RAMS hires Dicklich as state lobbyist

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The Range Association of Municipalities and Schools (RAMS) hired former executive director Ron Dicklich as its state lobbyist this past week, according to Bill Hanna in the Mesabi Daily News.

You might recall RAMS at the center of a controversy last spring when State. Sen. David Tomassoni was hired to succeed Dicklich as executive direct despite being a sitting member of the legislature. One of RAMS core functions is to lobby the legislature on behalf of Iron Range cities and school districts. RAMS tried to accommodate this tenuous situation by splitting the duties of the executive director from those of the lobbyist. Ultimately, however, Tomassoni bowed out of the job for the good of the situation.

Steve Giorgi was then hired as RAMS director. Now, Dicklich, himself a former state senator who helmed the group for many years after he left office, is back as the lobbyist. According to the report, Dicklich will be paid $1,750 per month plus expenses.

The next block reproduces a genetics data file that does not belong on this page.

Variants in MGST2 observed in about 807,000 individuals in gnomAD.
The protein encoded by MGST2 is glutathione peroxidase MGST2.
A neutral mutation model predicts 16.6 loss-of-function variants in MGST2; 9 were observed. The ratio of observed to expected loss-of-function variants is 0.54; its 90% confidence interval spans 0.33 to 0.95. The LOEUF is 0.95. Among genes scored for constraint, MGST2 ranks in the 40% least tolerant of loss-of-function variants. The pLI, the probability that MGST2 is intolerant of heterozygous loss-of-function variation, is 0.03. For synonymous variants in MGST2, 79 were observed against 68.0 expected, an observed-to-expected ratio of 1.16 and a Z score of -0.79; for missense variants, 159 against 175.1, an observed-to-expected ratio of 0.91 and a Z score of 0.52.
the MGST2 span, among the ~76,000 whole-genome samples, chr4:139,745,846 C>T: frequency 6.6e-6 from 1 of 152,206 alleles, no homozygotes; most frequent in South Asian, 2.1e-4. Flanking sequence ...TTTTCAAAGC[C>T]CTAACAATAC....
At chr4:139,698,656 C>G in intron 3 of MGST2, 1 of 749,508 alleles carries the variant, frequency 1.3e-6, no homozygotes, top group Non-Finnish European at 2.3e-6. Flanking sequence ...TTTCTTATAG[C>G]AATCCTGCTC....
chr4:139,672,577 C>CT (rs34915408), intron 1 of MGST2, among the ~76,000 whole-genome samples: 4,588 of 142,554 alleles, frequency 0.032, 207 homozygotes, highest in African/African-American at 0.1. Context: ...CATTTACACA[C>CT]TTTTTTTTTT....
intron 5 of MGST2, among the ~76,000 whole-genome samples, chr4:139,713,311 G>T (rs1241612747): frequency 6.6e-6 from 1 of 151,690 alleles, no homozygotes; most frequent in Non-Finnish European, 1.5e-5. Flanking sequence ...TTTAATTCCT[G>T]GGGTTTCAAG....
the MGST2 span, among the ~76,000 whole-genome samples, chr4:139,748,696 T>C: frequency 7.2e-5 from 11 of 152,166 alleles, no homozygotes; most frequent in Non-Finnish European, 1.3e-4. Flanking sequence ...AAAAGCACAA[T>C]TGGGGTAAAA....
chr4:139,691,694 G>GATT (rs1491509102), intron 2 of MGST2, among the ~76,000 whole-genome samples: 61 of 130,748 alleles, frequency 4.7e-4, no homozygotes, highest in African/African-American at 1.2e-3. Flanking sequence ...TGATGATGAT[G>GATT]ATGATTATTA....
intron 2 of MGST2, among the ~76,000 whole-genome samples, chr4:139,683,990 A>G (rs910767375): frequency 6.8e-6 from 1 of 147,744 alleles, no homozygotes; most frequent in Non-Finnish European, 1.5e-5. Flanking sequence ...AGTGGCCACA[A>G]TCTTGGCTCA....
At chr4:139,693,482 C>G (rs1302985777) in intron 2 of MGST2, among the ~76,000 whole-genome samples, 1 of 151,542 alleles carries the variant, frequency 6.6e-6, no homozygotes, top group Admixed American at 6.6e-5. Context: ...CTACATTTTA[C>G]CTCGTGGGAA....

Interestingly, Hanna notes that another former Iron Range lawmaker also bid for the work. Former State Rep. Loren Solberg of Grand Rapids asked for $4,000 a month, plus expenses.

Setting aside my many opinions about the use of former lawmakers in roles like these, one encouraging piece of news from the Hanna story was that access to broadband would be under consideration for one of RAMS’ top priorities in 2016.

Gov. Mark Dayton has proposed $100 million for the Border to Broadband program in 2016, which would require support in the legislature. This would be a useful project for RAMS to support.

There is an important matter at the Dec. 21 IRRRB meeting in which board members will decide the fate of a Paul Bunyan Communication project that would bring extremely high speed internet to 3,500 people, 1,250 households and more than 100 businesses in central Itasca County. It was the state’s top rated project in the Border to Broadband grant program, but requires a match from the IRRRB.

DISCLOSURE: I live in an area affected by the Paul Bunyan proposal and have been involved in organizing for its successful completion. I have done so as a volunteer and would become a paying customer like everyone else when the project happens. I’ve been advocating for rural broadband as an important part of Iron Range economic development for more than 10 years.

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